Starts around seven am (not a problem as it’s usual to go to bed early!) with you packing your overnight gear into a kit bag before enjoying a hearty breakfast ready to leave camp whilst it’s still fairly cool. The pace on the trek will be leisurely with plenty of time to enjoy the scenery, take photos, chat to the locals and keep hydrated. Lunch is usually in a fine spot by the side of the trail and, most days, you will be arriving at our overnight camp mid afternoon ready for a well earned cup of tea. This leaves an hour or so to rest or explore before a three course evening meal. It is quite remarkable what the locals can produce in these remote circumstances.
The Post and Pre monsoon conditions experienced from October into mid-December. April-May are usually very fair, dry and stable. Daytime temperatures are pleasantly warm in the valleys (20-30C) whilst cool to very cold (especially with wind chill) high on Baruntse. Night time temperatures are cold to very cold (possibly as low as minus 30C) and you should make sure you have a very warm sleeping bag (-30c), an expedition weight down jacket and good quality down mitts.
Food on the trek and at Base Camp is excellent and designed to stimulate your appetite despite frequent altitude induced loss of appetite. Breakfast includes porridge and cereal followed by eggs (fried, boiled poached or omelettes) and either bread or chapattis with jam, honey, peanut butter etc. Lunch starts with juice and may include chips, rice, lentils, vegetables, salad, sandwiches, beans, tinned fish and tinned meat. Dessert is usually fresh/tinned fruit and tea. The evening meal always starts with soup (often with a healthy dose of garlic to aid acclimatisation) accompanied by poppadums, popcorn or prawn crackers. The main meal varies from local style – Dal Bhat (rice and lentils with an onion and vegetable sauce), Yak stew, momos etc. to western style – yak burgers, chips, pasta, even pizza! Desserts are equally appealing and include apple pie, cake, custard etc. You will not be hungry! Once on the mountain we use dehydrated meals supplemented by chocolate, muesli bars, cheese, nuts, salami, etc
IMPORTANT – The small print
Please note, flights to and from Lukla can be delayed due to the weather. Please be patient and bring a good book to read. If the flight is delayed overnight accommodation is included on a B&B basis. In cases of longer delays, optional helicopter flights are sometimes offered at an extra cost.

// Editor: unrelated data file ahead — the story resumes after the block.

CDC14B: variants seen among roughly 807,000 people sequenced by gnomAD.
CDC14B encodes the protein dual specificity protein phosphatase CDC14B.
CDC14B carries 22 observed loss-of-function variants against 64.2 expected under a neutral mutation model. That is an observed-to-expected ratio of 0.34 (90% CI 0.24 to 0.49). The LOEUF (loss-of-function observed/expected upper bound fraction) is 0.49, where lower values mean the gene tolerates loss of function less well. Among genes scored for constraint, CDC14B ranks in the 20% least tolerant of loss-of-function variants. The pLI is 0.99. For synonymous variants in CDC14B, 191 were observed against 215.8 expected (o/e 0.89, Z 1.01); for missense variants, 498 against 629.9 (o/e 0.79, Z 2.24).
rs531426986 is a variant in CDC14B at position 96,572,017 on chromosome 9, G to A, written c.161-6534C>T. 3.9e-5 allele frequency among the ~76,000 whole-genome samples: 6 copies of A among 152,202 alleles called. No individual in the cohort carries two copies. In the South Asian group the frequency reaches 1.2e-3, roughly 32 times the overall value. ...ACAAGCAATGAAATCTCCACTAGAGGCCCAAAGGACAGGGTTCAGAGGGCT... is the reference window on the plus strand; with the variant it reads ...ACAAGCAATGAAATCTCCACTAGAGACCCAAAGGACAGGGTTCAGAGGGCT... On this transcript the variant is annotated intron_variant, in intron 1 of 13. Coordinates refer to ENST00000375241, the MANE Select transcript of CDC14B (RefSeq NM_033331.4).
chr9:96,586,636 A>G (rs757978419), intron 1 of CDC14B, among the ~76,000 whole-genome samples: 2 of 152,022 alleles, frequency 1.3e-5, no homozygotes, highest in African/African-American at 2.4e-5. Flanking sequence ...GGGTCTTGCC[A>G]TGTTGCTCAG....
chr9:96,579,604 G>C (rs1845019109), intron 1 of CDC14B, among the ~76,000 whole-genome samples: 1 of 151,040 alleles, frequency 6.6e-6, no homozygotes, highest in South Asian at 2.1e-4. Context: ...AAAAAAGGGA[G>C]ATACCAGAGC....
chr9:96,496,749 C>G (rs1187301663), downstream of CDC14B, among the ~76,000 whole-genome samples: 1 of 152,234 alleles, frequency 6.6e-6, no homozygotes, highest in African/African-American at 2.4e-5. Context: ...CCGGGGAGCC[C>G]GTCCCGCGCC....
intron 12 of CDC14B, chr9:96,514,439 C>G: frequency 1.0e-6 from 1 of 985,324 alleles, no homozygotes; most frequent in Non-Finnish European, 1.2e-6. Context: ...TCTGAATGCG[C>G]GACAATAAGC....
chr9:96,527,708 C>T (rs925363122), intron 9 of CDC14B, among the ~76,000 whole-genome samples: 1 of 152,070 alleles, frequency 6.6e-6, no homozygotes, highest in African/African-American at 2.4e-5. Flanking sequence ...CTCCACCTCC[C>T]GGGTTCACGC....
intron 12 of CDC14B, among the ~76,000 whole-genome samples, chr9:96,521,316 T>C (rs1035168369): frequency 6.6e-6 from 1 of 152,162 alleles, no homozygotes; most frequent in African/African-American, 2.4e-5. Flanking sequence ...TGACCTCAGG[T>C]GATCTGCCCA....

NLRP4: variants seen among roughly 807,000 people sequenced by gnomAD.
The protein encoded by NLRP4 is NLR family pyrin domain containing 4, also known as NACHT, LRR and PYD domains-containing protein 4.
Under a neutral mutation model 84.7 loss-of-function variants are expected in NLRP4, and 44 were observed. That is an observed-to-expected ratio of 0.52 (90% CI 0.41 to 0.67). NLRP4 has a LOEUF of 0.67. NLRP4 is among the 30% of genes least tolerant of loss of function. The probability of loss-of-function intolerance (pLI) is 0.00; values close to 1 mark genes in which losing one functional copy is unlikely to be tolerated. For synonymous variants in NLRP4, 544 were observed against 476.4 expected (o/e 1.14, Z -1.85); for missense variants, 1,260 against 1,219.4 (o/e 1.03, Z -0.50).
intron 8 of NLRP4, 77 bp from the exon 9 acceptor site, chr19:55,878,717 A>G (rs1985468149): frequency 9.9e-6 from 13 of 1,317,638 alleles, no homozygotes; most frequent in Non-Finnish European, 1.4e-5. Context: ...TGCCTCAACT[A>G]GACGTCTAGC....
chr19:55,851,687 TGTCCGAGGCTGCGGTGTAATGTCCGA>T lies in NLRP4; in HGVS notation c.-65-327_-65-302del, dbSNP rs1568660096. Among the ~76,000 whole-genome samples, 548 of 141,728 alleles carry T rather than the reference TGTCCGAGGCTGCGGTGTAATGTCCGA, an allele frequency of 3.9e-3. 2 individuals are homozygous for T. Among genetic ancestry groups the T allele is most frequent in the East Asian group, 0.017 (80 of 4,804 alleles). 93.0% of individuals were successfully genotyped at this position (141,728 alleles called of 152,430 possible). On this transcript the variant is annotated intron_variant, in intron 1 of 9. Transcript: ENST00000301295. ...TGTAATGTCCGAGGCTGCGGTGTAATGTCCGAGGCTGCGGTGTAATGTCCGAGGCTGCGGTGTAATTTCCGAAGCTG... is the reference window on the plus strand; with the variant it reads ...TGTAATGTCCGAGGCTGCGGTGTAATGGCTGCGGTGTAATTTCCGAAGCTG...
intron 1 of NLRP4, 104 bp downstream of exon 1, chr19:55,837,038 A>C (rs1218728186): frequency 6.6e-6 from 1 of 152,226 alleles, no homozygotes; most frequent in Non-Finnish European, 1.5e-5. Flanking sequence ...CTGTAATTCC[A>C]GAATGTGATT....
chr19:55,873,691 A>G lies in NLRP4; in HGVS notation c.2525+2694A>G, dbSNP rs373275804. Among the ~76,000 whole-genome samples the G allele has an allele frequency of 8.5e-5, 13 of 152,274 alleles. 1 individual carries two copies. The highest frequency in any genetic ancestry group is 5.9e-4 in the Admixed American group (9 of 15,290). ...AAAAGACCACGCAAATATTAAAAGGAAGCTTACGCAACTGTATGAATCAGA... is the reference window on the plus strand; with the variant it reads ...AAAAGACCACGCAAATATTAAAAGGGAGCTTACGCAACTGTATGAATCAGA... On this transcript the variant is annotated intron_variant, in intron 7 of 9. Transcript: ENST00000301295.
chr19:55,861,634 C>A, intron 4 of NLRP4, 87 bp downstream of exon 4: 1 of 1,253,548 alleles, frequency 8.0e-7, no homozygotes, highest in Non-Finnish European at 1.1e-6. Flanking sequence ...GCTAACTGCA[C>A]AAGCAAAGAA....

MISSED INTERNATIONAL FLIGHTS
We allow one extra day in the itinerary for bad weather. If you are delayed longer (unusual) we can re-book your International flight but additional costs may/will be incurred. Tickets can be changed according to availability and the class of ticket, you may need to upgrade and be flexible on your return date. All additional payment would need to paid for in Kathmandu (card payments accepted).
We employ local staff to work alongside our own group leader giving employment beyond farming. We ask that you restrict showers to those lodges that have electricity or solar power, thus reducing deforestation. Be prepared to wash using bowls of warm water or ‘wet ones’. We recommend you dispose of burnable rubbish at the lodges but take other items such as bottles and batteries back to Kathmandu. Avoid plastic bottles of water by bringing iodine tablets and a refillable bottle to drink local pumped water. Soft drinks should be purchased in glass bottles that can be recycled.
Our itineraries generally allow sufficient time for your body to acclimatise. The best way to avoid any problems is to do everything slowly, walk at a gentle steady pace and drink plenty of fluid. Our leader will give an appropriate briefing on arrival.
Just in case your main luggage goes missing en route, it is a good idea to wear your boots on the plane. Most other things can be replaced but comfortable, well worn-in boots are more difficult to replace easily.
A detailed equipment list is provided on booking. Specialist items such as sleeping bags and down jackets can be hired or purchased.
For your own comfort travel light. Normally airlines restrict baggage to 20kg and the Lukla flight 15kg, but you will be wearing boots and one set of trekking clothes. Some items can be left at the hotel for your return.
VISAS AND PERMITS
US/UK citizens and most EU nationals can purchase Visas on arrival. All other countries should check with their local embassy. Passports must be valid for at least six months after the end date of the trip.
Most meals are inclusive, please see the key above. Individuals are responsible for drinks throughout and hotel meals which gives the flexibility to choose where you eat.
Nepalese Rupee. UK Sterling, Euros and US Dollars can easily be changed in Kathmandu. ATM (cash machines) are available in Kathmandu.
Tipping is generally expected and part of everyday life. We generally tip our own local staff as a whole. It is also usual to put approximately 1000 rupees into the pot for the Puja or mountain blessing – a very important part of Himalayan climbing.
An early morning spectacular flight over Everest.
Chitwan Wildlife Safari (plus 4 days)
You can round off your trek with a three day wildlife safari. This includes a jeep safari, jungle walk, river canoe trip and elephant ride combined with a cultural program in search of rhino and the famous Bengal tiger.